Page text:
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What Wittgenstein Can Teach Us about Microaggressions

At Seattle Pacific University, hundreds of students, faculty, alumni, and parents have signed a petition demanding that the administration implement an anonymous reporting system that would free campus of “inappropriate speech and behavior”—in other words, of microaggressions.

While this petition may intend to protect students from “implicit oppression,” it’s actually harmful. Establishing such punitive restrictions on language transfers the power of giving meaning irrevocably to the receiver, violating the reality that words have meaning as spoken, not only as heard.

The philosopher Ludwig Wittgenstein made famous the idea that we find meaning in the speaker’s use of language, not the listener’s. For example, I might use the noun “lie,” to mean deception, not falsehood, because you could deceive someone without saying anything false (withholding the truth). “Sam” might use the term “lie” to mean falsehood. The word “lie” alone can signify a variety of concepts, depending on the meaning the user wishes to communicate. The point is that the listener doesn’t dictate the meaning of our words; we, the speakers, do. 

Many of the students and faculty at SPU believe that we must eliminate microaggressions (generally defined as subtle yet offensive comments or actions and usually directed toward minorities) from everyday conversation to eliminate discrimination from campus. Apparently comments such as, “You speak English so well” or, my personal favorite, “You are so pretty for an Asian” are manifestations of such “oppression”. But systems that suppress such “inappropriate speech or behavior” prohibit Wittgenstein’s proper understanding of language and meaning because they rely exclusively on what the receiver hears (or wants to hear) rather than what the user intends. Banning microaggressions forces all users of words (i.e. anybody who merely wants to communicate) to submit to the language game of every individual who could receive the words and misinterpret their meaning.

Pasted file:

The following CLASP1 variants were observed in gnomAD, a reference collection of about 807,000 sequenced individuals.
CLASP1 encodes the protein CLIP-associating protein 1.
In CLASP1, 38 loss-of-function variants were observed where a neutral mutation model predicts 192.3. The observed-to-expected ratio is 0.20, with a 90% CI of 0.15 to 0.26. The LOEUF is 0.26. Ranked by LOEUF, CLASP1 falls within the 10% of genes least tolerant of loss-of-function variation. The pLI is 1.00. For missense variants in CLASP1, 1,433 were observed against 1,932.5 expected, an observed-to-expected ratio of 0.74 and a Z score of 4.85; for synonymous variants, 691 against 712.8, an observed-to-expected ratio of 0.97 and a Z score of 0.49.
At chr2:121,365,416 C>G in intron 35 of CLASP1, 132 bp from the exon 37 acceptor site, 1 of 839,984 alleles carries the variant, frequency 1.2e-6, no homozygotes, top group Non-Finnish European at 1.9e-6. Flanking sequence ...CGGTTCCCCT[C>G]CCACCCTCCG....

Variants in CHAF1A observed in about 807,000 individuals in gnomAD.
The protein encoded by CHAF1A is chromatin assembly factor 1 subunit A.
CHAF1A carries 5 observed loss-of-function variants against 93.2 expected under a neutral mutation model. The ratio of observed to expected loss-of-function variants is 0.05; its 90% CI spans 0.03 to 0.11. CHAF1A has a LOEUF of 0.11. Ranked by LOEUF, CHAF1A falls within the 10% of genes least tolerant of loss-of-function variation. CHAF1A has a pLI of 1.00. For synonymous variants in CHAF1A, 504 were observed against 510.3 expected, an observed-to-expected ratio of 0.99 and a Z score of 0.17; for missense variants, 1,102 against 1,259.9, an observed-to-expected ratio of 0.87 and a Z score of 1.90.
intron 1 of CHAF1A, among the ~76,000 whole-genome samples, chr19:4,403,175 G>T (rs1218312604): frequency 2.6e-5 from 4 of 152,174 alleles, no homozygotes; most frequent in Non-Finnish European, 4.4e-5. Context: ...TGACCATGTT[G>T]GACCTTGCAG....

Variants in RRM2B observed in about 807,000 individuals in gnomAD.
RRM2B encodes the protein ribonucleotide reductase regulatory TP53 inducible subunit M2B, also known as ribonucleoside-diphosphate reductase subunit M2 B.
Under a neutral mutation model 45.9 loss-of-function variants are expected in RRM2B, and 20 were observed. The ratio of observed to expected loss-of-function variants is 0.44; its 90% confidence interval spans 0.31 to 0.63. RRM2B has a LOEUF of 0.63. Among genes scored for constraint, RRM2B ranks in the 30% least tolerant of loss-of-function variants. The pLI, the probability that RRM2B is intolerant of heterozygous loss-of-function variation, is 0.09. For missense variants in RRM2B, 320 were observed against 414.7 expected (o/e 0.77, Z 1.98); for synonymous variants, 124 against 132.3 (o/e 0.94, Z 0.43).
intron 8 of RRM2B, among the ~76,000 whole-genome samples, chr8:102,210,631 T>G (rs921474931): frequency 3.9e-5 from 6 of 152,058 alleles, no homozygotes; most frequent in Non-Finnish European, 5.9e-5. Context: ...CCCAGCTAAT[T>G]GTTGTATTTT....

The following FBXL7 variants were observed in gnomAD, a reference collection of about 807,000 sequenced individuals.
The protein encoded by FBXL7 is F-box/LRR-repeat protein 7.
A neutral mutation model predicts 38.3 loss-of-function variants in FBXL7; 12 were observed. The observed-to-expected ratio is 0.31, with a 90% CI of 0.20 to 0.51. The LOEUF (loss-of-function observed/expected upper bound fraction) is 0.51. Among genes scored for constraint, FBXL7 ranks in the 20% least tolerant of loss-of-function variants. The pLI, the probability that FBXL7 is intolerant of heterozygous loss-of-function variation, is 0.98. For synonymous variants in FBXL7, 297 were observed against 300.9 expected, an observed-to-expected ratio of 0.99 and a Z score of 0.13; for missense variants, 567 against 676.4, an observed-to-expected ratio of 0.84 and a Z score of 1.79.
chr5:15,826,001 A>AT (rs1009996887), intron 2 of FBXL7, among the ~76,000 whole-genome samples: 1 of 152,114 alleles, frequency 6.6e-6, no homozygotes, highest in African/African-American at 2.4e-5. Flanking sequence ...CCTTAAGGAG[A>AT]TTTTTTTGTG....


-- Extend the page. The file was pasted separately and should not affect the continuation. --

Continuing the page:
This is problematic. Language is supposed to help us communicate: to inform, to relate, to transmit, to connect. We can’t have conversations without knowing what to expect when interacting with others and assuming that others play by the same rules. If our listeners know our meaning better than we do, if we go into every conversation with the fear of inflicting microaggression, then we can no longer communicate. We can no longer connect. We can no longer build relationships.  

So, instead of relying on the language game of the receiver, we must have conversations. We must keep in mind that others in the conversation may have different intentions and meanings—both when speaking and when listening. We cannot protect everyone from being offended, implicitly or explicitly, but we can still protect conversations and relationships by assuming the good intent of both speaker and listener. 


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